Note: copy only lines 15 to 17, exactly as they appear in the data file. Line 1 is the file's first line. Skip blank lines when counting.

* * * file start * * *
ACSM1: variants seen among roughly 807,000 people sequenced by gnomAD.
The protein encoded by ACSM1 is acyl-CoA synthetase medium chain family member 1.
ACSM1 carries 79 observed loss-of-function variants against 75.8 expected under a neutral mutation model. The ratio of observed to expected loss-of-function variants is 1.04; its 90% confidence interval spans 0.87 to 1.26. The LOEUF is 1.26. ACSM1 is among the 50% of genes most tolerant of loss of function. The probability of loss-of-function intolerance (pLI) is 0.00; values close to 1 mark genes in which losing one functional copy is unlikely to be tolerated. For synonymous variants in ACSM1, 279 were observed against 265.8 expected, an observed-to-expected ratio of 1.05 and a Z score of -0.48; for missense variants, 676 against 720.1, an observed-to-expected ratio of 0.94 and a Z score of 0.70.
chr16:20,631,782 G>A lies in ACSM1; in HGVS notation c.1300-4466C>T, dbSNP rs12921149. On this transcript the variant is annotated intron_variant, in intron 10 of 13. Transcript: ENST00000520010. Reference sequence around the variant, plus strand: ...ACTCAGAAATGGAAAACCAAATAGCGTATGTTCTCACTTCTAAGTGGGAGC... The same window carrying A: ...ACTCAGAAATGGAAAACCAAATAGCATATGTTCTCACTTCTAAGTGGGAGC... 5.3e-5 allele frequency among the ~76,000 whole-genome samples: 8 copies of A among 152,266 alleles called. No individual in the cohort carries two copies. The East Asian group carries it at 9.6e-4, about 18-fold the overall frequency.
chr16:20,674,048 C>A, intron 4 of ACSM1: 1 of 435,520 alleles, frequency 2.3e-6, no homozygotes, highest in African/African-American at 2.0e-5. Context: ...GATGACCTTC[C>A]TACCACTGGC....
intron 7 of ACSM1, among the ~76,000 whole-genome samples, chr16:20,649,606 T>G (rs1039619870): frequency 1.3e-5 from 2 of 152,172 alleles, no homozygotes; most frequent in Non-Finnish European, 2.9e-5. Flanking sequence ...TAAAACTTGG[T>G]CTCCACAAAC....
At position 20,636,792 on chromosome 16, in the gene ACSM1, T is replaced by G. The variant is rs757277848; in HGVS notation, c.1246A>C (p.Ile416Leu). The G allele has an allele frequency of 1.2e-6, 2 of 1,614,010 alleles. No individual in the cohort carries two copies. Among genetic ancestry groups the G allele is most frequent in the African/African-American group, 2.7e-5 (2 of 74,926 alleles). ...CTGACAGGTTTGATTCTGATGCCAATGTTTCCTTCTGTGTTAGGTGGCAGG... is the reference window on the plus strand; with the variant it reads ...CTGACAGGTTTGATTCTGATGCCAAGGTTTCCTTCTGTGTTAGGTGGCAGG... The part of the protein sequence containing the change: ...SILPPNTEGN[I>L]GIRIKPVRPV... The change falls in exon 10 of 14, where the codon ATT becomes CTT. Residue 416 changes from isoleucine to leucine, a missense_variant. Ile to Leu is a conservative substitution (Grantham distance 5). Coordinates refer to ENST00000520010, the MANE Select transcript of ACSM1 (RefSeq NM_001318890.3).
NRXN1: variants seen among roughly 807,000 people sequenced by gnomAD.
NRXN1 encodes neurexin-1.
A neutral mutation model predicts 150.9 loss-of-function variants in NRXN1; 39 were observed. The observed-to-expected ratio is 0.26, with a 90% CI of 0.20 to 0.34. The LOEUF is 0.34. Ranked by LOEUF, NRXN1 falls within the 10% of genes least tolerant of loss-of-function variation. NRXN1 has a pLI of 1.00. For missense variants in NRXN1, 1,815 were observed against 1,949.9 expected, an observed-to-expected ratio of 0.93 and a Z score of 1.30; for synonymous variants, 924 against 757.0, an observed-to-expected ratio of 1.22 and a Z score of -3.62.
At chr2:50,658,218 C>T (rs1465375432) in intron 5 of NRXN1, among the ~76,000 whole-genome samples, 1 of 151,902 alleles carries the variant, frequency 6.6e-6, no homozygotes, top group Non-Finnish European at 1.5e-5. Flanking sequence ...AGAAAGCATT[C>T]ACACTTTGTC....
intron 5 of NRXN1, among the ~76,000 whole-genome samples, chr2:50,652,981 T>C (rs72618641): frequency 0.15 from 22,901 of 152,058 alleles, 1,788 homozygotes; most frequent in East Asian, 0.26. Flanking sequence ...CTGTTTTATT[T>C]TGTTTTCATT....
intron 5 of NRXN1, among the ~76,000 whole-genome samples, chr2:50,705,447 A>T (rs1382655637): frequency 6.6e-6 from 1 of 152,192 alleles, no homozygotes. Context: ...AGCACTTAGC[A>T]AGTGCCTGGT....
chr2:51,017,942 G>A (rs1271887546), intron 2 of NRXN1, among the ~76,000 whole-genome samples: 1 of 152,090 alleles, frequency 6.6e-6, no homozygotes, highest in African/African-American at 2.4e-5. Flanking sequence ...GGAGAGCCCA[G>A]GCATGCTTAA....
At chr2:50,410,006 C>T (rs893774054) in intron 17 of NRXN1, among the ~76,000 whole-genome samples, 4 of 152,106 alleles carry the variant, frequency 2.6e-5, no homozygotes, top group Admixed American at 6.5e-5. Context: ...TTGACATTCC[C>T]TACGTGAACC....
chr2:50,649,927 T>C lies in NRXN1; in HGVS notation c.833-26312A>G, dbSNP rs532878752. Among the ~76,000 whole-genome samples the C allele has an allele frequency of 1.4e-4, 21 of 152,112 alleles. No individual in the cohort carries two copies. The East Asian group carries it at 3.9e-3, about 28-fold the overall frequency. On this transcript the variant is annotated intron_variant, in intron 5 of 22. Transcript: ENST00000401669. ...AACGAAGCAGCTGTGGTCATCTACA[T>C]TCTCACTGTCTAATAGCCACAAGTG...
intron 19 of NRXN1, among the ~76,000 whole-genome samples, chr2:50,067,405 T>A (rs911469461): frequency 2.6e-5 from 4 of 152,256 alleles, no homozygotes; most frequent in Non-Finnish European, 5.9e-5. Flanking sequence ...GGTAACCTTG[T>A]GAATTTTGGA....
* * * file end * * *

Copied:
At chr2:50,410,006 C>T (rs893774054) in intron 17 of NRXN1, among the ~76,000 whole-genome samples, 4 of 152,106 alleles carry the variant, frequency 2.6e-5, no homozygotes, top group Admixed American at 6.5e-5. Context: ...TTGACATTCC[C>T]TACGTGAACC....
chr2:50,649,927 T>C lies in NRXN1; in HGVS notation c.833-26312A>G, dbSNP rs532878752. Among the ~76,000 whole-genome samples the C allele has an allele frequency of 1.4e-4, 21 of 152,112 alleles. No individual in the cohort carries two copies. The East Asian group carries it at 3.9e-3, about 28-fold the overall frequency. On this transcript the variant is annotated intron_variant, in intron 5 of 22. Transcript: ENST00000401669. ...AACGAAGCAGCTGTGGTCATCTACA[T>C]TCTCACTGTCTAATAGCCACAAGTG...
intron 19 of NRXN1, among the ~76,000 whole-genome samples, chr2:50,067,405 T>A (rs911469461): frequency 2.6e-5 from 4 of 152,256 alleles, no homozygotes; most frequent in Non-Finnish European, 5.9e-5. Flanking sequence ...GGTAACCTTG[T>A]GAATTTTGGA....